What to do to get ready for the Unitary Patent and UPC
19th December 2022
The Unified Patent Court (UPC) will deal with the infringement and validity of Unitary Patents. The rulings of the UPC will apply to member states that have ratified the Agreement on a Unified Patent Court (UPC Agreement). The provisions of the UPC agreement which deals with direct infringement are provided in Article 25 which gives the patentee the right to prevent any third party not having the proprietor's consent from the following:
(a) making, offering, placing on the market or using a product which is the subject matter of the patent, or importing or storing the product for those purposes;
(b) using a process which is the subject matter of the patent or, where the third party knows, or should have known, that the use of the process is prohibited without the consent of the patent proprietor, offering the process for use within the territory of the Contracting Member States in which that patent has effect;
(c) offering, placing on the market, using, or importing or storing for those purposes a product obtained directly by a process which is the subject matter of the patent.
The provisions of the UPC agreement which deals with indirect infringement are provided in Article 26 which gives the patentee the “right to prevent any third party not having the proprietor's consent from supplying or offering to supply, within the territory of the Contracting Member States in which that patent has effect, any person other than a party entitled to exploit the patented invention, with means, relating to an essential element of that invention, for putting it into effect therein, when the third party knows, or should have known, that those means are suitable and intended for putting that invention into effect”.
Article 27 specifies certain limitations where the rights conferred by a patent shall not extend. Notably, the rights conferred by a UP does not extend to acts done privately and for non-commercial purposes. Also the rights do not extend to acts done for experimental purposes.
The concept of exhaustion of rights is provided in Article 29 which states “the rights conferred by a European patent shall not extend to acts concerning a product covered by that patent after that product has been placed on the market in the European Union (EU) by, or with the consent of, the patent proprietor, unless there are legitimate grounds for the patent proprietor to oppose further commercialisation of the product”. The doctrine of exhaustion of rights essentially means that if goods were placed on the market in a particular EU member state, any patent rights associated with these goods were exhausted. In other words, patent rights cannot be used to stop the goods being sold or redistributed in another EU member state.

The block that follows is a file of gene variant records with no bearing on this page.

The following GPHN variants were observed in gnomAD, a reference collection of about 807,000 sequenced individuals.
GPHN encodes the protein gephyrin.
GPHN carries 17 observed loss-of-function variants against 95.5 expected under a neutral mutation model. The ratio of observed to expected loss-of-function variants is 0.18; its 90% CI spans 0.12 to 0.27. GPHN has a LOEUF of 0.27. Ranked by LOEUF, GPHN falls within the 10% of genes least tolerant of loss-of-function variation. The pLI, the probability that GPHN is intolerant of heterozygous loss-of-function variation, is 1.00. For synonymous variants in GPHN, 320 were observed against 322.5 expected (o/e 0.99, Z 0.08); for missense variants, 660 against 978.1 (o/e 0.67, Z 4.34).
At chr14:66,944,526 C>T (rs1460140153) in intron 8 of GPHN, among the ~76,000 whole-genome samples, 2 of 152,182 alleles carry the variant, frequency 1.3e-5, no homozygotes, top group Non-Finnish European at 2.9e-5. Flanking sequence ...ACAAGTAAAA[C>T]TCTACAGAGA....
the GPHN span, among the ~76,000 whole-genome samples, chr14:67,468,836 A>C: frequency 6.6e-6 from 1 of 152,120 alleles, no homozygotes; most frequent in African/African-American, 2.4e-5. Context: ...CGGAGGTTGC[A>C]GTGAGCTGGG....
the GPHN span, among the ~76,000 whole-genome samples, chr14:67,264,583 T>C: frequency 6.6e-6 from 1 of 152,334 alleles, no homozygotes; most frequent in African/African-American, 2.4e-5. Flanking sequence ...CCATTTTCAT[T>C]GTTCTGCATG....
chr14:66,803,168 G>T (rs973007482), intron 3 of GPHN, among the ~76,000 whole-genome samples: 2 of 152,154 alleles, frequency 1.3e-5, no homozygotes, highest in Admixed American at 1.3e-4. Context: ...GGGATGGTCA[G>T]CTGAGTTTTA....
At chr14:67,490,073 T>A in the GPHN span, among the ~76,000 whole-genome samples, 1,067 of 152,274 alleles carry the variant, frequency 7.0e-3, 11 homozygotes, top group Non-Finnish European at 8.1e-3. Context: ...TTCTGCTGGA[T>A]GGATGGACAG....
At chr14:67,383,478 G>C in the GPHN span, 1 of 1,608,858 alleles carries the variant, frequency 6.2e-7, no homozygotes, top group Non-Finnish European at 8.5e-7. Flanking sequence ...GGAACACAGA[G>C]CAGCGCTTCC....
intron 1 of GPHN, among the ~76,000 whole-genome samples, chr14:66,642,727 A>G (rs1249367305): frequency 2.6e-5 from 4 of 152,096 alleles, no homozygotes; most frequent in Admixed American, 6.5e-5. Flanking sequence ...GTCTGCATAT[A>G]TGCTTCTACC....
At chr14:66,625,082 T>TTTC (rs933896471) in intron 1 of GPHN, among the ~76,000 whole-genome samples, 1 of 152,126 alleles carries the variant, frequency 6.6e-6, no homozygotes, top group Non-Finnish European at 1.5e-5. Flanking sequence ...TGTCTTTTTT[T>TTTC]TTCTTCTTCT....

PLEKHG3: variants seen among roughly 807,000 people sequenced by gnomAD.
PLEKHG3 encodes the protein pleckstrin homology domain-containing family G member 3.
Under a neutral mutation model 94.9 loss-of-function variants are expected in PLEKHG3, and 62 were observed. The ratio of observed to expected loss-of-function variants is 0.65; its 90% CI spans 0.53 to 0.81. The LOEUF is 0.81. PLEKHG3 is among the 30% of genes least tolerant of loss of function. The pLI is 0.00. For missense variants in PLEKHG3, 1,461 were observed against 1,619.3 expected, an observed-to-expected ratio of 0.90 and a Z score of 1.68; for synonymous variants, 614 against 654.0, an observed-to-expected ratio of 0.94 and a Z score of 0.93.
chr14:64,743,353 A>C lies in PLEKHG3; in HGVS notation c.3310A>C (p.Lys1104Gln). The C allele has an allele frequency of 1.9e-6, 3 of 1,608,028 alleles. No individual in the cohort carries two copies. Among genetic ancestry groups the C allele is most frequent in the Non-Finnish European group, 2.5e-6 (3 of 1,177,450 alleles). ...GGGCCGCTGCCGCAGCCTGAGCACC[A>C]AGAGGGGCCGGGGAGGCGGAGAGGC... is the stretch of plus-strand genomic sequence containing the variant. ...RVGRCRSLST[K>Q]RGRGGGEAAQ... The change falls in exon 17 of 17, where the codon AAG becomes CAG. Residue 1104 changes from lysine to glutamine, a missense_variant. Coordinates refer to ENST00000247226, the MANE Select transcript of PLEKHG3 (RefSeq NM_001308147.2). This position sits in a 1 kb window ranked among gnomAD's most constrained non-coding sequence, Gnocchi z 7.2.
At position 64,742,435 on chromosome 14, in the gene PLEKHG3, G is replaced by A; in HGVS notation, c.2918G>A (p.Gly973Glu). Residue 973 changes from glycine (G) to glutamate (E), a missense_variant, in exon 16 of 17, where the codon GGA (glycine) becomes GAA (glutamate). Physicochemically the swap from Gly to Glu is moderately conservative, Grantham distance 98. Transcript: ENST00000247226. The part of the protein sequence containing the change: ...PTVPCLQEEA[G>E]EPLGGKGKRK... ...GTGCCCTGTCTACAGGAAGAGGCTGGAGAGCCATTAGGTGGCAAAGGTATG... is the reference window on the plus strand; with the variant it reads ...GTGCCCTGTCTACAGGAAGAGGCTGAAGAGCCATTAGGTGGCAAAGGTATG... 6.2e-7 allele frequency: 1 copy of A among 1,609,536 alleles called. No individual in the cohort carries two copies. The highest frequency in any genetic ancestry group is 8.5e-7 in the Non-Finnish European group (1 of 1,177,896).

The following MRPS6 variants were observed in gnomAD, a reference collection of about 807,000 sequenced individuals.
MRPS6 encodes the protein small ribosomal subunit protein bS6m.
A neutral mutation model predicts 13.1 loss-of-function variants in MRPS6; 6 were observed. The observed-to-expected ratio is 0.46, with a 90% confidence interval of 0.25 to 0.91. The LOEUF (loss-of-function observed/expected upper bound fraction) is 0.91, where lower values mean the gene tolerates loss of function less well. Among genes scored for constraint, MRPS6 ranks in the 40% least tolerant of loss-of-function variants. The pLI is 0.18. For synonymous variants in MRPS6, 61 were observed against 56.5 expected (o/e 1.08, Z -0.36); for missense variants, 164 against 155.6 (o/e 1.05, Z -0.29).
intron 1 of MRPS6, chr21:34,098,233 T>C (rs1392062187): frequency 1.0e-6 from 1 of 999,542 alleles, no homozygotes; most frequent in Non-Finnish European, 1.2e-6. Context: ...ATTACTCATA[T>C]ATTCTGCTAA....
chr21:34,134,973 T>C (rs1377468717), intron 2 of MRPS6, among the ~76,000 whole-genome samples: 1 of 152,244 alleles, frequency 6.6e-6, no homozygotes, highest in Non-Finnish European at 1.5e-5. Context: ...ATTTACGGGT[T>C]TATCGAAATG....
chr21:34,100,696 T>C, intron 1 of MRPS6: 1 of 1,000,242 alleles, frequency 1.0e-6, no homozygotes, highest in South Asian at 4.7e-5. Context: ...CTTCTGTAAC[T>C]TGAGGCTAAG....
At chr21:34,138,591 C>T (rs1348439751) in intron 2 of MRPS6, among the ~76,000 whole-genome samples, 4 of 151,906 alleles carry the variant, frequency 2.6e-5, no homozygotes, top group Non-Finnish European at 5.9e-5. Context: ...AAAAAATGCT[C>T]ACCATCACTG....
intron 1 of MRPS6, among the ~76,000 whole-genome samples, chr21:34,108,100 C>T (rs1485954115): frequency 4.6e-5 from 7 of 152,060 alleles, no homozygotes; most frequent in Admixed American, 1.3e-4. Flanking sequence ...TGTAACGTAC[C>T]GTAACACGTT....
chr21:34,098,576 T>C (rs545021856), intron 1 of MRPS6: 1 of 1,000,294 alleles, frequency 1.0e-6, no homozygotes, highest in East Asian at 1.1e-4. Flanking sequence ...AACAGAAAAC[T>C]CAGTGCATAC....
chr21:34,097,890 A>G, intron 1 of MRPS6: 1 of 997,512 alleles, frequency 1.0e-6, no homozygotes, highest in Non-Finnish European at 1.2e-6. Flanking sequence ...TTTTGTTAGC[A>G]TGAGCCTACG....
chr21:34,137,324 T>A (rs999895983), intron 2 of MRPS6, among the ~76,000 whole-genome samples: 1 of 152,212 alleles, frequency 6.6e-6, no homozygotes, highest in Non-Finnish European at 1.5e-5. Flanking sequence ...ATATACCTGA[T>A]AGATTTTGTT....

Unitary Patents can be subjected to compulsory licence. Compulsory licences for European patents with unitary effect will be governed by the laws of the participating Member States as regards their respective territories (see Recital 10 Regulation (EU) No 1257/2012).
The main feature of the Unitary Patent is that it provides unitary character by providing uniform protection and having equal effect in all the participating Member States. Accordingly, the Unitary Patent confers on its proprietor the right to prevent any third party from committing acts against which the patent provides protection. In the existing system, national courts are responsible for deciding on the infringement and validity of European patents. Currently, if the patentee wants to enforce a European patent in a number of countries it is necessary to litigate in several countries which can be very expensive. Furthermore, it is not uncommon for the various national courts to arrive at diverging decisions which creates legal uncertainty. It is the intention of the UPC agreement to address these shortcomings by the establishment of the Unified Patent Court which will have exclusive jurisdiction for litigation relating to Unitary Patents. The Unified Patent Court should provide consistency of case-law and hence legal certainty, and cost effectiveness for patent proprietors.
This article continues FRKelly's series on the upcoming Unitary Patent and Unified Patent Court. For more details, check out the following articles:
Further articles will be posted to our UP/UPC page.
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